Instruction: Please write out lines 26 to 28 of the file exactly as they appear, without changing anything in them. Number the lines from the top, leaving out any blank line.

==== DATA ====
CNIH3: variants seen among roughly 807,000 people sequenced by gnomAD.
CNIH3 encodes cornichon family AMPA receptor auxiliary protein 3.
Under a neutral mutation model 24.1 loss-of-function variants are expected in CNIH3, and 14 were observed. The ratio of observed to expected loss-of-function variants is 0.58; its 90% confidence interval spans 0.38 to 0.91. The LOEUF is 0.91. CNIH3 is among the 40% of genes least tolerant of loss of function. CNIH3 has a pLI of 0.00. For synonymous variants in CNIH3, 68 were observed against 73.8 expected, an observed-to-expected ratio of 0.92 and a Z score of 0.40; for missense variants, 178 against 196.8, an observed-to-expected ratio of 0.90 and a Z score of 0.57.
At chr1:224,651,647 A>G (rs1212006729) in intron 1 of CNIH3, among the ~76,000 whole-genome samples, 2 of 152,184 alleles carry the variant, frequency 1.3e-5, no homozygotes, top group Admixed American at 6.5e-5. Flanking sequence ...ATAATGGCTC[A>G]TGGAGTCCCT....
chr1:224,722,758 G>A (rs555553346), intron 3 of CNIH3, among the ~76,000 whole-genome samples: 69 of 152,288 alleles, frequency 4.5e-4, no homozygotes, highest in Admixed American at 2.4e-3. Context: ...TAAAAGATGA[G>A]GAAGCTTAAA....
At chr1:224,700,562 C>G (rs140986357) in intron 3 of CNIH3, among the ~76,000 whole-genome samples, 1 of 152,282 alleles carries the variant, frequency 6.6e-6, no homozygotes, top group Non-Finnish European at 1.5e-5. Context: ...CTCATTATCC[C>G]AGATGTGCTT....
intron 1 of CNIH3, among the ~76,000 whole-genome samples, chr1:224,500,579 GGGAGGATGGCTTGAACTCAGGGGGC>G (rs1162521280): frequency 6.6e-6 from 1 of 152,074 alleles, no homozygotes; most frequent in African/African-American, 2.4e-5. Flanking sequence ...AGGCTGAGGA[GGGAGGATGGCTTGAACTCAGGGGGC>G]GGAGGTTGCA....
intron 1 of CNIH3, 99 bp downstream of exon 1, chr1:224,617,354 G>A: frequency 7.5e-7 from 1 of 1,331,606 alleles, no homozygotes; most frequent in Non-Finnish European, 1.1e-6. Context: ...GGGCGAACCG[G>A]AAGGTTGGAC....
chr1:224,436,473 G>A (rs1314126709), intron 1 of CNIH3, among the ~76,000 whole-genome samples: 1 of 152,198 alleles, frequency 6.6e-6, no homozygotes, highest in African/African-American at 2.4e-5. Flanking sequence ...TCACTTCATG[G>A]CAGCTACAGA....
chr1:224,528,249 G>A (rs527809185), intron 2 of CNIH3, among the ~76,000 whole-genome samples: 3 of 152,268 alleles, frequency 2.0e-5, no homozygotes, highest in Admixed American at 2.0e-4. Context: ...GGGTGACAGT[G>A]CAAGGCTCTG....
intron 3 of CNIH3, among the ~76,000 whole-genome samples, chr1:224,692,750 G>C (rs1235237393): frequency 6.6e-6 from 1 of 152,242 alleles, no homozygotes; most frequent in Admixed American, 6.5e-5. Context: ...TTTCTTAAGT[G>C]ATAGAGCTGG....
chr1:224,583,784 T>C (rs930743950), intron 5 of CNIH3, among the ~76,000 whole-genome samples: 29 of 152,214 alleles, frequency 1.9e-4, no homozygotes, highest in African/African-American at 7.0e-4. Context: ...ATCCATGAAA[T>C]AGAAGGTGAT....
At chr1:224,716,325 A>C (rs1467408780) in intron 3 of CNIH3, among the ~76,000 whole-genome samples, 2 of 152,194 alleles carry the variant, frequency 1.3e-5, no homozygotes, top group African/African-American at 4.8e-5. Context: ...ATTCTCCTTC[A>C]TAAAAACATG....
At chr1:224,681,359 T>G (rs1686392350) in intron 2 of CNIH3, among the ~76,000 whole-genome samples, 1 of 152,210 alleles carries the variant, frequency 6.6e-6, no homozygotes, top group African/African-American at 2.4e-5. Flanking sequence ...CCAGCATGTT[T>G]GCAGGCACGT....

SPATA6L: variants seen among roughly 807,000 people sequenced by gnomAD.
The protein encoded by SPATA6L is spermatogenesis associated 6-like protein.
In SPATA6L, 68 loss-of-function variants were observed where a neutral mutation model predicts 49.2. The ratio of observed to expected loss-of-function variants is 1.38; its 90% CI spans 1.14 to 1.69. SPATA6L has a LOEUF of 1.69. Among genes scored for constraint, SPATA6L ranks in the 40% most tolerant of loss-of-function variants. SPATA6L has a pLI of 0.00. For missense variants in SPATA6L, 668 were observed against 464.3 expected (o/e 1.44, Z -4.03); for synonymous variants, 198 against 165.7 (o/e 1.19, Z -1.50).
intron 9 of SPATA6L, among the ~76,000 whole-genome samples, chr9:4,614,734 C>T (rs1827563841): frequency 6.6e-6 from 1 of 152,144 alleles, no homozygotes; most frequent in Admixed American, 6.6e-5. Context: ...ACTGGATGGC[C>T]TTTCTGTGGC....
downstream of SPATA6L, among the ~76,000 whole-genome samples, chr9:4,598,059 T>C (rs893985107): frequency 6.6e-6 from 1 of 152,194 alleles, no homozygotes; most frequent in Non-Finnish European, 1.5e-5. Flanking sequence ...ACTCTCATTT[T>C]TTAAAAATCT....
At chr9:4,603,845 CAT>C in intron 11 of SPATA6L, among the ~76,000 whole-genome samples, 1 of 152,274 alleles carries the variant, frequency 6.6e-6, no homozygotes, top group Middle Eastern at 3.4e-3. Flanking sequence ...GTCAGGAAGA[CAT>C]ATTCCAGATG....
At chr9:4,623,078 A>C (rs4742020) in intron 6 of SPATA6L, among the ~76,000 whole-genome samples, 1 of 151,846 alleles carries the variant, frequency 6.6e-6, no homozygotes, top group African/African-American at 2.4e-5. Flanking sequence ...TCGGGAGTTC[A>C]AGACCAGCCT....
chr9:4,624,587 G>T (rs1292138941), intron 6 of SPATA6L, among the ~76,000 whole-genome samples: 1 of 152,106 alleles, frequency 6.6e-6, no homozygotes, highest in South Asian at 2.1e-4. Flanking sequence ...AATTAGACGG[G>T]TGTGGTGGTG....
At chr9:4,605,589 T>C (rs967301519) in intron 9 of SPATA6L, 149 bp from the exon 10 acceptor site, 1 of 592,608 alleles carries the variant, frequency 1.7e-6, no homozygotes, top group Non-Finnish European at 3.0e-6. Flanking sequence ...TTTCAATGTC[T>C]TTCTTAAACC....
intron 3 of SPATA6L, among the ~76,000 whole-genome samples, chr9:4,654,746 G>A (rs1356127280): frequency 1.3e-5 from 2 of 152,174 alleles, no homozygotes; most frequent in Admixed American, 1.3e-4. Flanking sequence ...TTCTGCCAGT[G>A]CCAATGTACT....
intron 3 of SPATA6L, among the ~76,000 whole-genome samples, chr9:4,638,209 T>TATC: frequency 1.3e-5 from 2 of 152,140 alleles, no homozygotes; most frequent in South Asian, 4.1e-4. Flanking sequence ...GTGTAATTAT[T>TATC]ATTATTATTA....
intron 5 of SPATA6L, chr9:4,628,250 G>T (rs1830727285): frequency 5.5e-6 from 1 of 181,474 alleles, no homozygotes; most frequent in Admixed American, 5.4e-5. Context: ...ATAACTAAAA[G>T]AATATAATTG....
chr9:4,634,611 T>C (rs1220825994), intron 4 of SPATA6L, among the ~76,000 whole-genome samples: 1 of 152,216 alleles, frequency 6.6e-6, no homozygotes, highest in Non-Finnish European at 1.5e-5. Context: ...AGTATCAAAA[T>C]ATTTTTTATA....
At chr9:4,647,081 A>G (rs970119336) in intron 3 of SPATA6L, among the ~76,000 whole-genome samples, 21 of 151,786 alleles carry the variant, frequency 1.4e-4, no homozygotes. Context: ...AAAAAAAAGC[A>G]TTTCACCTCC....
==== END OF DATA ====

intron 5 of SPATA6L, chr9:4,628,250 G>T (rs1830727285): frequency 5.5e-6 from 1 of 181,474 alleles, no homozygotes; most frequent in Admixed American, 5.4e-5. Context: ...ATAACTAAAA[G>T]AATATAATTG....
chr9:4,634,611 T>C (rs1220825994), intron 4 of SPATA6L, among the ~76,000 whole-genome samples: 1 of 152,216 alleles, frequency 6.6e-6, no homozygotes, highest in Non-Finnish European at 1.5e-5. Context: ...AGTATCAAAA[T>C]ATTTTTTATA....
At chr9:4,647,081 A>G (rs970119336) in intron 3 of SPATA6L, among the ~76,000 whole-genome samples, 21 of 151,786 alleles carry the variant, frequency 1.4e-4, no homozygotes. Context: ...AAAAAAAAGC[A>G]TTTCACCTCC....